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Of Science and Earthly Politics

Of Science and Earthly Politics Nireekshak IT is all to the good, no doubt, that the Times of India should send its sports editor all the way to Jamaica to cover the Indian cricket team's tour of the Caribbean, and that the Indian Express should engage the services of another Indian sports writer, resident in Britain, to report the same tour for its readers. Cricket is news for a lot of people and, where resources permit, enterprise of this kind is entirely laudable. People have little to complain, also, when certain newspapers like the Statesman find the money to employ foreign "kremlino- logists" for the benefit of their studious readers and the space to print periodically the outpourings of these kremlino- logists. Aspiring natives may feel a bit let down, but then foreign by-lines are still much favoured by the Press. It is all in the game.

Whir of Words

Whir of Words Nireekshak HAD the belief been widespread that the election manifestoes of the various parties would decisively influence the forthcoming mid-term poll, the Press might have been expected to devote considerable attention to examining the different manifestoes. But either the general belief in the. political significance of manifestoes is minimal, or the Press itself regards them as little more than an unavoidable electoral ritual. Consequently, the journalistic effort devoted to the study and analysis of the manifestoes has been very light indeed. There have been isolated attempts to analyse the .manifestoes in detail but, generally speaking, they have met with a run-of-the mill treatment. The general approach to the manifestoes was probably most eloquently summed up by the Free Press Journal when it said that the manifestoes "appear like a wild whir of words". A common comment on the Jan Sangh manifesto was that it was a "pie in the sky"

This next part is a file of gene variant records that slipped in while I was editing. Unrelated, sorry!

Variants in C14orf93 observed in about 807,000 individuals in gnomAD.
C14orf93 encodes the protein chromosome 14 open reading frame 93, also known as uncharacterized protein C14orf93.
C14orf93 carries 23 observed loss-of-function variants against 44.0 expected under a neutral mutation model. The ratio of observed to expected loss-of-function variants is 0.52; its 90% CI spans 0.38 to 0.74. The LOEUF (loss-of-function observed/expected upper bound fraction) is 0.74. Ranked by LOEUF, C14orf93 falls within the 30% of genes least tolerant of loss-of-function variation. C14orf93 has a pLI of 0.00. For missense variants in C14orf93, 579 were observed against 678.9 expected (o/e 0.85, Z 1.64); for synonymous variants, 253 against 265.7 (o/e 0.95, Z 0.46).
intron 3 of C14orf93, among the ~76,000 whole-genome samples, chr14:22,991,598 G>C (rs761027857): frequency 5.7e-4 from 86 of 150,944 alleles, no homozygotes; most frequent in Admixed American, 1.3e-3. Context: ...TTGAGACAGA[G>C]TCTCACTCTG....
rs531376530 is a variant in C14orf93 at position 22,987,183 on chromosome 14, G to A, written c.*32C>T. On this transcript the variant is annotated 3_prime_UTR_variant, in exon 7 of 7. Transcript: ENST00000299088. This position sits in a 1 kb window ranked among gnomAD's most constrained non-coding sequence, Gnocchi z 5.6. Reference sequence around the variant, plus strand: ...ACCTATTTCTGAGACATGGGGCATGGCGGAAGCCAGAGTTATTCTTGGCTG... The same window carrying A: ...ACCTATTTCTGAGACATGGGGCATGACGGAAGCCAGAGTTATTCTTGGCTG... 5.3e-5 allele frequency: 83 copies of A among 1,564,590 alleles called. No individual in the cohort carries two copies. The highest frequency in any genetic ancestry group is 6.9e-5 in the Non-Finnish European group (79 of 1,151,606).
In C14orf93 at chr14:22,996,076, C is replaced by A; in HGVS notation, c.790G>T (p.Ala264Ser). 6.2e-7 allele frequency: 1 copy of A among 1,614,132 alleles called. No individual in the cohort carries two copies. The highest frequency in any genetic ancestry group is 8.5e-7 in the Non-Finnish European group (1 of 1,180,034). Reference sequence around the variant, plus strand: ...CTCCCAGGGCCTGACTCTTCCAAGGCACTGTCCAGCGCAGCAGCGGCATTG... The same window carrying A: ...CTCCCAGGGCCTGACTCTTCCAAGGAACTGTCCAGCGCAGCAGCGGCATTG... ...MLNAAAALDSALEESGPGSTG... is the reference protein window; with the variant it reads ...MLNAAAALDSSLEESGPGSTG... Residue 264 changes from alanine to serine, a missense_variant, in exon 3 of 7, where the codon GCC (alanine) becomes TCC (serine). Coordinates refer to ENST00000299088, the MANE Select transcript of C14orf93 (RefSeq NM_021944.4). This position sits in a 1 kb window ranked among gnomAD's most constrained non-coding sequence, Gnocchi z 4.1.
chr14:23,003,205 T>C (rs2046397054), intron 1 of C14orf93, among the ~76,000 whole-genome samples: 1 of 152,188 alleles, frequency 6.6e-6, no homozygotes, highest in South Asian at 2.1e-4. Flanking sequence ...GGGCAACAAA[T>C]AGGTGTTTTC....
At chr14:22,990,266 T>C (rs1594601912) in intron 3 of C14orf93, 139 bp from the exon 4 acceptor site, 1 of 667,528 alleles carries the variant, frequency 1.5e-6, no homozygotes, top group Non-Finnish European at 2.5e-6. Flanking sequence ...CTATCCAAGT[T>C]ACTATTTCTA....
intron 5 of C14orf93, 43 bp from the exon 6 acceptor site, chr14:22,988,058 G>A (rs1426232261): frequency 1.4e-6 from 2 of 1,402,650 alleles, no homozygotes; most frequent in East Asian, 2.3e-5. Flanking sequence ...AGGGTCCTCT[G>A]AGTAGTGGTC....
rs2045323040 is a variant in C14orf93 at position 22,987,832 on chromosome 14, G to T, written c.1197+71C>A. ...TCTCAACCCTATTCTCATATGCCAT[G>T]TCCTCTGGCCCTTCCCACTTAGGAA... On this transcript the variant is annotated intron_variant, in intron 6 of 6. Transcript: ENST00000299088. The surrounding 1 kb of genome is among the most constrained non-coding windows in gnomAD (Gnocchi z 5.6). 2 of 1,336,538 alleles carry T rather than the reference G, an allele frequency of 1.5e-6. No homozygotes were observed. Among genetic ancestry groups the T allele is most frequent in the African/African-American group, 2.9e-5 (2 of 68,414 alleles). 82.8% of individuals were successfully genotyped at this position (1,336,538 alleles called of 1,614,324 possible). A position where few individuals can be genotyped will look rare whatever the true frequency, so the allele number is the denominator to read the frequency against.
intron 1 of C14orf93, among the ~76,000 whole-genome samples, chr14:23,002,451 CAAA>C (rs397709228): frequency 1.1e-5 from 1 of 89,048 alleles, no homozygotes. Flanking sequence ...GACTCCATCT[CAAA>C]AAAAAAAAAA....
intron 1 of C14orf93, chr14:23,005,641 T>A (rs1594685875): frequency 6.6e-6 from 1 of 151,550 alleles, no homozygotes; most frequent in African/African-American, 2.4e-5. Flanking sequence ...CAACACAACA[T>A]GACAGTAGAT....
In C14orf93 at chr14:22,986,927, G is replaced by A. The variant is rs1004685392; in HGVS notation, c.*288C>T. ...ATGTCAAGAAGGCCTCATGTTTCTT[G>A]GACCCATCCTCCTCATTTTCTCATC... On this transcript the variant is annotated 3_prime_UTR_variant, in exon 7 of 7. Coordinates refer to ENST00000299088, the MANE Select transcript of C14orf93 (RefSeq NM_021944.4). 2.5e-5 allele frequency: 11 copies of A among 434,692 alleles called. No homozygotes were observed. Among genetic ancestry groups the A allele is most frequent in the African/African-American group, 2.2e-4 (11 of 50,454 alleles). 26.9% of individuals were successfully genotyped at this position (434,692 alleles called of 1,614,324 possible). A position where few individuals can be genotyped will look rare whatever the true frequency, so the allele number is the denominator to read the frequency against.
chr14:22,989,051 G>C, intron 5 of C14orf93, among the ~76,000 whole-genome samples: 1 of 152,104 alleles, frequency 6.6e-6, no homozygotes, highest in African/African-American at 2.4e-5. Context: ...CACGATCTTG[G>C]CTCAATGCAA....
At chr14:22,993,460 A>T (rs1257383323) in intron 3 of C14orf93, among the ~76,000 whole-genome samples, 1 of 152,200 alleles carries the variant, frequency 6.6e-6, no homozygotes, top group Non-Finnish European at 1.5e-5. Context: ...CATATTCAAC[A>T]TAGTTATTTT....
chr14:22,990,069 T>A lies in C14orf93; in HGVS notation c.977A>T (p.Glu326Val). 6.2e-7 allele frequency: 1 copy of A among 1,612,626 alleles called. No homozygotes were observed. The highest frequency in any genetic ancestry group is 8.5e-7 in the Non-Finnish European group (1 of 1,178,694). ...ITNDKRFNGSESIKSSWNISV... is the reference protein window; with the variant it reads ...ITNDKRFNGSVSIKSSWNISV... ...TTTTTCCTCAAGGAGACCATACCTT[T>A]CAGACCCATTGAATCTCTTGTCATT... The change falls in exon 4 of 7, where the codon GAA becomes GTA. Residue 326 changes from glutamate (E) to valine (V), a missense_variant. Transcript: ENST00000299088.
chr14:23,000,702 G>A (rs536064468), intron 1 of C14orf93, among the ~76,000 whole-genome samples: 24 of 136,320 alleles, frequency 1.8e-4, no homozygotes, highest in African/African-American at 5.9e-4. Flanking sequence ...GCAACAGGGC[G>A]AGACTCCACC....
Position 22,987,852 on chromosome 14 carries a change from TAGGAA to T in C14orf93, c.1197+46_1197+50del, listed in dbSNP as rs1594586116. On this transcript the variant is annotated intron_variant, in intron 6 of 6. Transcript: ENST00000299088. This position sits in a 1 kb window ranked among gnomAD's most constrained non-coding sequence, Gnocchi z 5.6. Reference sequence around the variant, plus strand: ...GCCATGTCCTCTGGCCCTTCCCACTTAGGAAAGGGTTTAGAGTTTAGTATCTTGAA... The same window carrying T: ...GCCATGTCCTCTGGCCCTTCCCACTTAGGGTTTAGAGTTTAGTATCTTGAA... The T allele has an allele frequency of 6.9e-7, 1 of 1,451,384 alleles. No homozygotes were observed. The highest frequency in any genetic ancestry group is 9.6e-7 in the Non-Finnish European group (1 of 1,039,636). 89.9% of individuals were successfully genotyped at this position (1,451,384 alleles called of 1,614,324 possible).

To Keep the Press in Line

To Keep the Press in Line Nireekshak NEWSPAPERS throughout the country have once again raised their prices

Busy Season

Busy Season Nireekshak WHAT with a 'grand alliance' which is neither grand nor even an alliance making its belated bow, the victory and subsequent disqualification of the yoked bullocks in the symbols sweepstakes, the extradition of Sheikh Abdullah from Kashmir followed by the outlawing of the Plebiscite Front, the Commonwealth conference in Singapore preceded by the comings and goings of Commonwealth statesmen through New Delhi and sundry other distractions like the fall of the Orissa Government, the Press has been very much on its toes these last three weeks. The 'grand alliance'

Norms for the Poll

Norms for the Poll Nireekshak NOW that speculation on the likelihood or otherwise of a mid-term poll has been finally set at rest; journalistic Interest is focused on the probable outcome of the poll and on the various alliances and adjustments that may take shape before the final battle. The poll had for to long been a subject of continuous discussion in the Press that when the actual decision to dissolve the Lok Sabha came, it did not take either pressmen or readers by surprise, Nevertheless, it was big news, of course, which news editors could an- nounce under eight-column streamers